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Effects of torso flexion on fatigue failure of lumbar motion segments.
Gallagher S; Marras WS; Litsky AS; Burr D
American Industrial Hygiene Conference and Exposition, May 8-13, 2004, Atlanta, Georgia. Fairfax, VA: American Industrial Hygiene Association, 2004 May; :31
Bone mineral content, density, and vertebral body area measurements were made of 12 cadaver lumbar spines, whose motion segments (24 were studied) were later subjected to a fatigue loading regimen simulating lumbar loads when lifting a 9-kg box in three angles of torso flexion (0, 22.5, and 45 degrees). Motion segments were loaded every 3 seconds using a loading profile (compression, shear, and load rate) appropriate for each torso flexion angle. A maximum of 10,020 cycles was employed. Specimens surviving the entire number of cycles were treated as censored observations. A survival analysis (Cox regression analysis) was used to evaluate the impact of torso flexion and bone mineral characteristics of the motion segments on the number of cycles to failure. Results of the Cox regression analysis demonstrated that, compared to the referent condition (0 degrees torso flexion), 22.5 degrees of torso flexion had a relative risk of 15.1 (95% CI: 2.7-83.5), while the 45 degree torso flexion condition had a relative risk of 29.4 (95% CI: 4.6-185.9). Bone mineral content was found to have a protective influence with respect to the number of cycles to failure (RR = 0.917; 95% CI: 0.85-0.99). Results suggest that torso flexion, especially extreme flexion, leads to rapid fatigue failure of lumbar motion segments. Increases in bone mineral content were found to extend the fatigue life of motion segments. Findings suggest that torso flexion should be avoided in lifting tasks, and that aging workers may be particularly vulnerable to fatigue failure of spine tissues, due to the loss of bone mineral content (particularly among women) that occurs with aging.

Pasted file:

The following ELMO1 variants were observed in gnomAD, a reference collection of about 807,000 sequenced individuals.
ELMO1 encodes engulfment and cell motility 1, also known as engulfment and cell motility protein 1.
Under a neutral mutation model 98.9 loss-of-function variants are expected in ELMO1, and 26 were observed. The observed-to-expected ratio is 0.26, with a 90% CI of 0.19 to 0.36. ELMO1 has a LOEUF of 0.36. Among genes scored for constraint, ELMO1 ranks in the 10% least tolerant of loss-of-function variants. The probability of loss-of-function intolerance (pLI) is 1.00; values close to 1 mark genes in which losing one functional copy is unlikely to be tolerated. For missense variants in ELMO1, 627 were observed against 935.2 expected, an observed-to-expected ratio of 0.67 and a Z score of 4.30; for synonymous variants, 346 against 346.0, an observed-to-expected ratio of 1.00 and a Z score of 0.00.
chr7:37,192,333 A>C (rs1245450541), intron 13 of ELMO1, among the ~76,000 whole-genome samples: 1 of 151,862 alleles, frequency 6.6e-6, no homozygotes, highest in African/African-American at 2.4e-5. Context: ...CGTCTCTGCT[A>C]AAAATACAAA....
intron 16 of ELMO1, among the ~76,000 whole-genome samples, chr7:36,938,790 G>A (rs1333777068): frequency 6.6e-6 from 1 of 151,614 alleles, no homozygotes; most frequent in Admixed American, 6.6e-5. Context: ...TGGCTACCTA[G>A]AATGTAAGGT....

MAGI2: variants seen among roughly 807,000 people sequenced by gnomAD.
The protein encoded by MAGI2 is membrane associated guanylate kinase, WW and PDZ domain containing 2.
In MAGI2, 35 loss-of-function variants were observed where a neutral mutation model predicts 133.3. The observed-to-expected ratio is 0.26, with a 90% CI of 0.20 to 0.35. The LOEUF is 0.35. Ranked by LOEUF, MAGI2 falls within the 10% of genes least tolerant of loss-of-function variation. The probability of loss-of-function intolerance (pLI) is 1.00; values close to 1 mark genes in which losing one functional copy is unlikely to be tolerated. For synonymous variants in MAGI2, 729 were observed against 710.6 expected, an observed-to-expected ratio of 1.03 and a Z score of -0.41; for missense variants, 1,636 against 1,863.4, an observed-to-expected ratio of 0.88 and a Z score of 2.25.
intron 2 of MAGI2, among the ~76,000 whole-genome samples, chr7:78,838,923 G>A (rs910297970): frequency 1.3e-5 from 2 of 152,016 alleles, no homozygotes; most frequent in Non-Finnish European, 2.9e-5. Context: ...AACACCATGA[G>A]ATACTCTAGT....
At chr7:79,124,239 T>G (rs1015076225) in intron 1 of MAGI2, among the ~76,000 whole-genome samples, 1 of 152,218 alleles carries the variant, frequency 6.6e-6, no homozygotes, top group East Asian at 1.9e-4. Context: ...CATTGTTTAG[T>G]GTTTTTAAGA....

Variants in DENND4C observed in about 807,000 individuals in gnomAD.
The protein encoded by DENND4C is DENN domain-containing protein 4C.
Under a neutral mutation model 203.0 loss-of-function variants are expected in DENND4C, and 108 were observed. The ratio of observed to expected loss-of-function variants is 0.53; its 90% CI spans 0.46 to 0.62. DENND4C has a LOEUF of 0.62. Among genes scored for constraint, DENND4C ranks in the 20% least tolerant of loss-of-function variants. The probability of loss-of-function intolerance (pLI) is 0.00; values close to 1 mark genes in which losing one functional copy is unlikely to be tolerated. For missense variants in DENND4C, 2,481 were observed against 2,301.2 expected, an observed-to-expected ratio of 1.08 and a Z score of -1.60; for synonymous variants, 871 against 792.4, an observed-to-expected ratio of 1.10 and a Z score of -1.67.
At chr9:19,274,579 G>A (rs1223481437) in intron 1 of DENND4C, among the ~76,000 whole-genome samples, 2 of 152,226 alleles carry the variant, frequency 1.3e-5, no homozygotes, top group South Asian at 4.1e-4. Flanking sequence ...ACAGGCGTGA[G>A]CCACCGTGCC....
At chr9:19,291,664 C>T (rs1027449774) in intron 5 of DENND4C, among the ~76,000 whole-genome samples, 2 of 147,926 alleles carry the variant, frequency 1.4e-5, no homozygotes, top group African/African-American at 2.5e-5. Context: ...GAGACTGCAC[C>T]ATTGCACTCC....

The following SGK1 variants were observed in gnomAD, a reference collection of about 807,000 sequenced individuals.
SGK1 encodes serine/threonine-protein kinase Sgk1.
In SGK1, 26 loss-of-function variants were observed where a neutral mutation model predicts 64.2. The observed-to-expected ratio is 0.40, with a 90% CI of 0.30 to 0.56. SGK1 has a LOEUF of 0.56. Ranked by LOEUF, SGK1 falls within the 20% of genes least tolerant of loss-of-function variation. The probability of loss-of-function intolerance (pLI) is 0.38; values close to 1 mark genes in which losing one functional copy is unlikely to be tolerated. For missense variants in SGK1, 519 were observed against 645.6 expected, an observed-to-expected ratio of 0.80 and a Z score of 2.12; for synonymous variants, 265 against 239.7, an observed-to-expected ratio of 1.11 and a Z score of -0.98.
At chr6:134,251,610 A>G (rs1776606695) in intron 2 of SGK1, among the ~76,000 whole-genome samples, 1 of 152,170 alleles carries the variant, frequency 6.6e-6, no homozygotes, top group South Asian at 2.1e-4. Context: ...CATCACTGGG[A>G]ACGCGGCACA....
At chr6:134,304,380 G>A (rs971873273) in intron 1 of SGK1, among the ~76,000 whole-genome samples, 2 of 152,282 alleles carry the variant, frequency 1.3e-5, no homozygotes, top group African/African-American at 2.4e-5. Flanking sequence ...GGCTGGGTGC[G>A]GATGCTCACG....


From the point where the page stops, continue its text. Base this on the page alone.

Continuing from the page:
Fatigue; Motion-studies; Bone-disorders; Bone-structure; Risk-analysis; Demographic-characteristics; Age-factors; Manual-lifting; Injuries; Back-injuries; Statistical-analysis
NIOSH Pittsburgh Research Laboratory, P.O. Box 18070, Pittsburgh, PA 15236
American Industrial Hygiene Conference and Exposition, May 8-13, 2004, Atlanta, Georgia
Page last reviewed: September 2, 2020
Content source: National Institute for Occupational Safety and Health Education and Information Division